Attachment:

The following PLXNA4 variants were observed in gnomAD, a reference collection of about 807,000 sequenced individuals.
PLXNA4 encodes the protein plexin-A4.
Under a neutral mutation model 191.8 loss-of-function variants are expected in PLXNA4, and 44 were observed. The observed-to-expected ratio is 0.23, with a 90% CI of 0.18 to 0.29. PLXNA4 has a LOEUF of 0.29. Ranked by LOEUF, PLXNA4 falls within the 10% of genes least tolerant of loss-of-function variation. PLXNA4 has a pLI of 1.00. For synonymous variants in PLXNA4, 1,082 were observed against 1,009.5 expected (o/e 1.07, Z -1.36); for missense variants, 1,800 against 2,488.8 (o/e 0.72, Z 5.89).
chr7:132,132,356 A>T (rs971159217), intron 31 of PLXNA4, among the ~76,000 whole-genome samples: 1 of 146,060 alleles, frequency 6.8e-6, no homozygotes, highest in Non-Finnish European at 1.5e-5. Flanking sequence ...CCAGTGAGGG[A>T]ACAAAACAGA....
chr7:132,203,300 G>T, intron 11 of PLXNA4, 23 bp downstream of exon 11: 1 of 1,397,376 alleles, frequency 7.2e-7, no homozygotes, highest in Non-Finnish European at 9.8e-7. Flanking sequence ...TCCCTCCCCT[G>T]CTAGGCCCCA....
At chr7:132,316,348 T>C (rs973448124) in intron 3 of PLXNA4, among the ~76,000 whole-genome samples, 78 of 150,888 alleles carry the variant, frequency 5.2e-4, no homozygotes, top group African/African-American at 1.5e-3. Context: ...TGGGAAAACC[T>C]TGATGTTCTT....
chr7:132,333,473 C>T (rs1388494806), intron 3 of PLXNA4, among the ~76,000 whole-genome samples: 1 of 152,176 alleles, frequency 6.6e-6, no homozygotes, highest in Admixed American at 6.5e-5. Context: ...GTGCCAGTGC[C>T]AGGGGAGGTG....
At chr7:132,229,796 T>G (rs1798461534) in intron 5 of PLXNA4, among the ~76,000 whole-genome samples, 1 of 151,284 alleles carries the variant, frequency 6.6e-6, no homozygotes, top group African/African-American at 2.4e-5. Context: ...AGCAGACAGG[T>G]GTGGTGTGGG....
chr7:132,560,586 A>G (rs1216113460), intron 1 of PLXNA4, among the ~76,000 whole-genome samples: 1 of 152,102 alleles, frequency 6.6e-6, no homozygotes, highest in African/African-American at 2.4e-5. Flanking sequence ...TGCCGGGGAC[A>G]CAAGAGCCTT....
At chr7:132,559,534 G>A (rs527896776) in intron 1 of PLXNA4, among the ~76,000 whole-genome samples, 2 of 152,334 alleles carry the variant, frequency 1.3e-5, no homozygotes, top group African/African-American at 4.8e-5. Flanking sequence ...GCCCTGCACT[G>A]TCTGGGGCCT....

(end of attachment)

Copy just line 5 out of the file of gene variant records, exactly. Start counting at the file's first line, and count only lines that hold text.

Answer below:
chr7:132,203,300 G>T, intron 11 of PLXNA4, 23 bp downstream of exon 11: 1 of 1,397,376 alleles, frequency 7.2e-7, no homozygotes, highest in Non-Finnish European at 9.8e-7. Flanking sequence ...TCCCTCCCCT[G>T]CTAGGCCCCA....